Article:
Part of the Rosette-forming Crassulaceae Project

Kingdom   Plantae
Phylum    Magnoliophyta
Class     Magnoliopsida (Dicotyledons) 
Sub-Class Rosidae
Order     Rosales
Family    Crassulaceae
Genus     Aeonium
Species   Approximately 35
Imagine a flat artichoke growing on the ends of tree branches -- this is what a lot of the aeonium species look like (in particular the arboreum species and it's hybrids).

Aeonium is a genus of monocarpic, rosette-forming crassulaceae, similar in appearance to jovibarba, echeveria, sempervivum, etc. It is a fast-growing succulent, with waxy leaves forming fairly flat rosettes. In situ, some species can form tree-like plants up to six feet tall, though most will grow as smaller shrubs. The star-shaped flowers range in colour from golden yellow, pale yellow, pink, red, or white. Seeds are powder-like. Natively, the plant lives in North Africa and the Canary Islands.

The most common species seen in cultivation is arboreum, loved by many for it's funky tree-like form. There are many hybrid variations which include variegated (striped) leaves, and striking colours (var. Schwartzkopf: dark puple-black, var. Atropurpureum: purple). Such hybrids are NOT naturally occuring.

As with most similar genera of crassulaceae, this plant can survive in fairly poor soil, so long as it is well draining. This genera will not survive temperatures below 41°(fahrenheit). Strong light is required, particularly for plants which have dark coloured leaves (without strong light, the colour will fade significantly). Allow soil to dry to the touch between waterings, and avoid getting water on the rosettes. In hot environments, the plant will require some shade during the day, else the plants will scorch. This plant doesn't tolerate high humidity well.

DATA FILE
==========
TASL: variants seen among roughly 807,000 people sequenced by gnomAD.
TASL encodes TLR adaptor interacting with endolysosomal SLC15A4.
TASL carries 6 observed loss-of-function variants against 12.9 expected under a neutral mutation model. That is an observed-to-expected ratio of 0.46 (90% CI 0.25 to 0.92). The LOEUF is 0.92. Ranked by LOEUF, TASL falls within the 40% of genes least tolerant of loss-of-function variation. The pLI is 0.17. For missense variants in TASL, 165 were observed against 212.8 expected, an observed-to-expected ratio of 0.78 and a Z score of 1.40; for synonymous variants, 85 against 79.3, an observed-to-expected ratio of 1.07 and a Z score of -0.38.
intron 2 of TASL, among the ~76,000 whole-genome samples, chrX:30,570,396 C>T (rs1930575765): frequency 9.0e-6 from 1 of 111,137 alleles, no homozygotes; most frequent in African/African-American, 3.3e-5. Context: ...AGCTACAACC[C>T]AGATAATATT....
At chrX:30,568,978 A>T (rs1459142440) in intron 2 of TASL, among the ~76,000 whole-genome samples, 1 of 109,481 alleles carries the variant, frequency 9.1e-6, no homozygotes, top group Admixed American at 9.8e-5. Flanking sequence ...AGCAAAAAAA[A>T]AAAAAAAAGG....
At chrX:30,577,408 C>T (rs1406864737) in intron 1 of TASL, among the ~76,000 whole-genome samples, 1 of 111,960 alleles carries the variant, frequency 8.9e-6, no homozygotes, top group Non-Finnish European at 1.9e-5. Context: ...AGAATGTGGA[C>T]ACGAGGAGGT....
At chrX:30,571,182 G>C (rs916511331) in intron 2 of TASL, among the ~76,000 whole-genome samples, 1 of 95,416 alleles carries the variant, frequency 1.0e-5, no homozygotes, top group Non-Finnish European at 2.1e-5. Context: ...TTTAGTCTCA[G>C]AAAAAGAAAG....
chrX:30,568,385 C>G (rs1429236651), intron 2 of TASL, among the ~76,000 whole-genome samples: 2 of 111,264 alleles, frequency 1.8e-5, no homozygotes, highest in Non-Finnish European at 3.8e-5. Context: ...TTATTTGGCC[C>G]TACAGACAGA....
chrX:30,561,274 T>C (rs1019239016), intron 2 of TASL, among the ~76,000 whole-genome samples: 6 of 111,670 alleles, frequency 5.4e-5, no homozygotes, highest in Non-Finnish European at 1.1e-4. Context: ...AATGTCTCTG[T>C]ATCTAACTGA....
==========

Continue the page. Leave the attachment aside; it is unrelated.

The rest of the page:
Tree-forming species can be propagated most easily through stem cuttings. Cut a branch several inches below a rosette, and allow the cut to callous. Place the cut end in slightly damp sand and do not water for one week. Water lightly. Once new growth is noted, repot in commercial cactus/succulent soil mix. This is a great way of preventing flowering in older rosettes.

New rosettes can also be propagated through leaf cuttings. Remove a young leaf near the center of a rosette, and allow the cut to callous for several hours. Place the leaf, cut-side down) in slightly damp sand. Soon a new rosette will form. Once adequate roots exist, remove the leaf and repot in commercial cactus/succulent soil mix.

It is best to pot at the end of summer, as the plant comes out of its dormant state.

Only some species will produce offsets.

In general, this is a good plant to forget about. Leave it in a bright sunny location and water very sparingly. Remove any dead leaves from rosettes (particularly in low-growing species, as dead leaves invite rot and insects). When a rosette has flowered, it will die shortly. In tree-forming species, the whole branch will die, and new branches will grow in it's place. Mat-forming species will usually produce offshoots, allowing the plant to propagate itself, thus living on after flowering.

If a plant becomes leggy (long branches), cut off some rosettes and plant them as described above, this will encourage new branch formation and will discourage blooming.

In the event of an unhealthy plant, the first thing to examine is your watering habits. The most common problem is root rot due to overwatering. If the soil is too wet, don't hope it will safely dry out so long as you don't water it for a while. Replace the soil immediately.

One of the most common pests to houseplants is the mealybug, and your aeonium may fall prey to this pest. However, due to the tightly packed leaves, more often than not the mealybugs will attack the roots. This makes them far less visible than mealybugs which attack leaf-stem junctions. The symptoms of a root mealybug infestation is slowed or stopped growth (though in summer this is a normal sign of dormancy). If this occurs without apparent cause, remove the plant from the pot and examine the roots. A white cottony substance on the roots and in the soil is a sure sign of mealybug infestation. Remove all soil and wash the roots gently. Remove any roots which appear damaged with a sharp sterile knife or scissors. Let them dry very throroughly before replanting.

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